I guess he’ll have to find another way to meet women.

Tuesday, May 1, 2007

If you loved me you'd cook me rice

He: The house is a mess, and I’m hungry
She: I’m so tired, I have a project I need to do.
He: That’s enough, I’m sick of always coming after your schoolwork. When was the last time you cooked?
She: Buy something from outside, I’ve got too much stuff to do. I also need to get the kids bathed and put to bed so I can finish my work for tomorrow.
He: If you loved me you’d cook me rice.
She: That’s the measure of love? Everyone else I go to uni with has maids, I’m the only one who doesn’t.
He: So I’m supposed to get you a maid now? We don’t have any money.
She: That’s not what I mean, can’t you be patient and understanding a little?
He: You’ve been going to school for 6 years already. I got married to have a wife, not to live like this.

This couple almost got a divorce last week. My husband was called in to intervene and talk to the man. I talked to the woman to get her side of the story so when my husband was talking to the man, he’d have more of the facts. We’d already gotten the cliffnotes version from her father who gave us the call and we were discussing the issues in the car on the way to meet them. Being close to the woman I knew more background on the story than my husband did so I asked him to pass on a few morsels of counsel to the man. I wanted him to tell the man about our life when I was a student in England.

We were both studying but of course (as is the way it is in most of the world, wrong or right) the housework and childcare were my responsibility. My husband’s degree took precedence over mine because although we were both on scholarship, his career and consequently our future, depended on HIS doing a good job.
· Remember my bouts of crying because I had too much on my plate?
· Remember how I wouldn’t sit down to eat with my family because I had to start on the cleanup?
· Remember how I had to choose either attending lectures or studying, I didn’t have time for both?
· Remember how I was the only Saudi female student we met who had small kids but no maid?
· Remember how I could only do my uni work after the kids were fed, bathed, played with, sent to bed and the house cleaned?
· Remember how I had to base what lectures I chose on the timetable and how it fit around my kids being home, not on the quality or content of the lecture?
· Remember how when I had essays due, and there’d always be three or more due at the same time, I’d have to do a housework and children strike for almost a week previous to the due date, not sleep for 3 days previous to the due date, and once again cry because I can’t do the good job that I wanted to and I know I’m capable of and I was so stressed out.
· Remember how skinny and sickly I became because of the pressure? I spent second semester of my third year in and out of the hospital with asthma, many attacks were triggered by stressful situations.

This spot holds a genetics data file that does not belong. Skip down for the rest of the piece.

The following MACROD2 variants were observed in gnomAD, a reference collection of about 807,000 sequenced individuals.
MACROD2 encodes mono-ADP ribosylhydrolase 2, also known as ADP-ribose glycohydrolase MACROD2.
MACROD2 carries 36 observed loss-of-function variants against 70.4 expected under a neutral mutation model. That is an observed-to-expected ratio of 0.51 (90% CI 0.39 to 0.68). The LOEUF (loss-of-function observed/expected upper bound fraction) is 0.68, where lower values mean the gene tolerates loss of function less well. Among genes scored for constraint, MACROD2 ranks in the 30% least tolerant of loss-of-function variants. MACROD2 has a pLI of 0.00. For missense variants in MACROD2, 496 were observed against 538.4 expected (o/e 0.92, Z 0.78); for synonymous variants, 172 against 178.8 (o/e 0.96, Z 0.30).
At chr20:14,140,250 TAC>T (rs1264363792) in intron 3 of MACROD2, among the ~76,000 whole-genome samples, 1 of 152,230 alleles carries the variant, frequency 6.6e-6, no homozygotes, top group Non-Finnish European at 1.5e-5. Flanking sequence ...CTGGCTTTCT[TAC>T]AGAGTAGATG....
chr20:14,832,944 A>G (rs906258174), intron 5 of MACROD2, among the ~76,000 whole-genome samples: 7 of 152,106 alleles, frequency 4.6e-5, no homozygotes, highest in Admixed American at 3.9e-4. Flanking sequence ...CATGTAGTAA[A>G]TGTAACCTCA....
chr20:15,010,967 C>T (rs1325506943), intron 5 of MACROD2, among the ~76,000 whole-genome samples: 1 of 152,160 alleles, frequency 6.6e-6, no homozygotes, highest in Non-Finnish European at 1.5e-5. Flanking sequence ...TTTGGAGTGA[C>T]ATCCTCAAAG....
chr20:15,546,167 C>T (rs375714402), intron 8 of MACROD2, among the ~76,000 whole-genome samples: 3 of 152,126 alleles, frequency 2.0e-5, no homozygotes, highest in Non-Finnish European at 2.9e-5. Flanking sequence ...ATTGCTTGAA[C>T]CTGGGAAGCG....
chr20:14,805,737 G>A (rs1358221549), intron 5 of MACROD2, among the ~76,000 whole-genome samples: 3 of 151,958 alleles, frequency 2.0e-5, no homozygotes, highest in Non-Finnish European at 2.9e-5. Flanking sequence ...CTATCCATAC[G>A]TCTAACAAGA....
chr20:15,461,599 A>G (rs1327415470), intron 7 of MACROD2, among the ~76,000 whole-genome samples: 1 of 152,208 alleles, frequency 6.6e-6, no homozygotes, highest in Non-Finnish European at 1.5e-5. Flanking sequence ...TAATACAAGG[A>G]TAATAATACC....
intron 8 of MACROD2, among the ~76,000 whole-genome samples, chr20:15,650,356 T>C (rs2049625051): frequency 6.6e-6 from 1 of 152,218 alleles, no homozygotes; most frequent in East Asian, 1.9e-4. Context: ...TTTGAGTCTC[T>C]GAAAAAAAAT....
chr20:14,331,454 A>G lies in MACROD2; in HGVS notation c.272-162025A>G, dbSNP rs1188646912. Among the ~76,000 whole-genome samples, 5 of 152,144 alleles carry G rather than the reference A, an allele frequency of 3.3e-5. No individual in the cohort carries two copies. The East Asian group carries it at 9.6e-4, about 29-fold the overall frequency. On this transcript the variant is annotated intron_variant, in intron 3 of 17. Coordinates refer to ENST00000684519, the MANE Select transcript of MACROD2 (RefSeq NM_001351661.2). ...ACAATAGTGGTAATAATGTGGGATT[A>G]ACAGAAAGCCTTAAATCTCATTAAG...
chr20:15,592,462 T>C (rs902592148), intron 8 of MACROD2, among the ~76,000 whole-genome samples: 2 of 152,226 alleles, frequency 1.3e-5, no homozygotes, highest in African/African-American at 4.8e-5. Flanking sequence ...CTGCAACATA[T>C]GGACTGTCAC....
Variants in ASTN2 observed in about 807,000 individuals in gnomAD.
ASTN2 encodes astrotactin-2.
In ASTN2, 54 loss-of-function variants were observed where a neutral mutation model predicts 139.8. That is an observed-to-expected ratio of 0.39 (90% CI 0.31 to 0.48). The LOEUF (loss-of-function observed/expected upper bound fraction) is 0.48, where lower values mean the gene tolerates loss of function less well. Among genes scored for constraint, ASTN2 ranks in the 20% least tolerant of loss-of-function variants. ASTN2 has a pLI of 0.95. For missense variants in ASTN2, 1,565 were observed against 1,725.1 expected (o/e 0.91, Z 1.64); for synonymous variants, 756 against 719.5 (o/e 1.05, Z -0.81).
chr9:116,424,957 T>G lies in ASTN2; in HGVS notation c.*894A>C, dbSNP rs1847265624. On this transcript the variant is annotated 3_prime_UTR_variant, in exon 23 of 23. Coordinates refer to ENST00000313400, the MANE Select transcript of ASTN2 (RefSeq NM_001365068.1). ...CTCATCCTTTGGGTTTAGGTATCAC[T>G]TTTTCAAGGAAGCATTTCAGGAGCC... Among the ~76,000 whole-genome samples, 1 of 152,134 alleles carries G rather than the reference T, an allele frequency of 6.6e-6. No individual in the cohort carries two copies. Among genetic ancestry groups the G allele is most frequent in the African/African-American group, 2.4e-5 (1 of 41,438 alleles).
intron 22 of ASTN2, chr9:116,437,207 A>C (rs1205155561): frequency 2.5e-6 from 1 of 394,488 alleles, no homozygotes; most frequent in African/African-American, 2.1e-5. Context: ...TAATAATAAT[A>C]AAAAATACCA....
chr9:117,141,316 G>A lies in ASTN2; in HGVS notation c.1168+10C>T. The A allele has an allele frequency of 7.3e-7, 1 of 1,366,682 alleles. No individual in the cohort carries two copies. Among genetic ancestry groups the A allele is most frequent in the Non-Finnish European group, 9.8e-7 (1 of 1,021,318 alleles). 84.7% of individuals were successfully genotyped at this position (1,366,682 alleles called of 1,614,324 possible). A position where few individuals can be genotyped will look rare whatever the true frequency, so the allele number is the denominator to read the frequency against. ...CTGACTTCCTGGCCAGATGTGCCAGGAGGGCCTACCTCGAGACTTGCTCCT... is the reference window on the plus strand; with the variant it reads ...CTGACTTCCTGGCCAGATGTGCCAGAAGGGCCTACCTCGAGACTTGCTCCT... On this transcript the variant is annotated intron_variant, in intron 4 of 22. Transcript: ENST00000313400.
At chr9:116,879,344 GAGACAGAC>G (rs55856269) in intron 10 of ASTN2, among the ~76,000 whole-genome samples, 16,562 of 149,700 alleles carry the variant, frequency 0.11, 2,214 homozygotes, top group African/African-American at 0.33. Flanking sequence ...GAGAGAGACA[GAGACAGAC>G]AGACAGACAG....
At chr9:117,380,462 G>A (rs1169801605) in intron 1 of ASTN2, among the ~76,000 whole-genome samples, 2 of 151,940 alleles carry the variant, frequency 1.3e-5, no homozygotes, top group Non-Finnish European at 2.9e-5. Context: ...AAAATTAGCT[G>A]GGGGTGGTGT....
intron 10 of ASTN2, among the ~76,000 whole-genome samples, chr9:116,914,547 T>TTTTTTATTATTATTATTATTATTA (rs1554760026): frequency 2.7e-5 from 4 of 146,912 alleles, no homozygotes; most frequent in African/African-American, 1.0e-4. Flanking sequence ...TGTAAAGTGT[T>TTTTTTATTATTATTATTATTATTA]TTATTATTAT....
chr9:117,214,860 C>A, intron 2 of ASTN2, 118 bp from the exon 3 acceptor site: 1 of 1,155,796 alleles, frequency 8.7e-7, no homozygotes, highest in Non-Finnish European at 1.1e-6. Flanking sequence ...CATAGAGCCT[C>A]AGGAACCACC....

· Remember how we had to put off having more children because there’s no way a baby could have fit into the chaos?
· Remember how I had to do my grocery shopping online because I could point and click and Voila! It was delivered for a fiver.
· Remember how I’d go months without talking to some of my friends because I didn’t have time?
· What beauty regime? Oh yeah, every week I’d clip my nails. I had an annual hair trim immediately after taking the year’s last exam. Good thing I wore hijab AND nikaab at uni! There were days I had on my PJ’s under my jilbab.

I regularly talked with this woman about her struggles while trying to finish university. I already knew of her husband’s attitude towards being “neglected”. She confides in me since many stay-at-home old-school Saudi women don’t understand the pressure she’s under. She’d gotten married, had two babies, underwent a major health scare and spent much time in the hospital with one of her children all since starting her studies.

This could be any couple, any where in the world. Although some western men may help somewhat around the house, I’ve heard statistics which suggest that women in two-income families still do upwards of 80% of the housework in America and England. And even the 20% SOME of them do is praised unnecessarily! Don’t be surprised a Saudi man sits around like King Farrouk waiting to be served by his frazzled wife because unfortunately, they’re not the only ones as I’m sure we’ll hear about in the comments section. I remember some of my Eastern European relatives bitching because their son was washing the dishes after getting home from work: his wife had three kids under the age of 5!

Rather than relating more sad stories of female oppression via housework, I want my readers to feel how universal this situation is. Did it make any difference that it took place in Saudia, in Arabic, and with two Saudis in an Islamic marriage?

Analyze this!

Hema tagged me...
I can't analyze handwriting, but I'm sure mine speaks volumes. Most men write more girly than I do. I'm constantly criticized about how ugly it is and I should take more pride in it. I couldn't care less.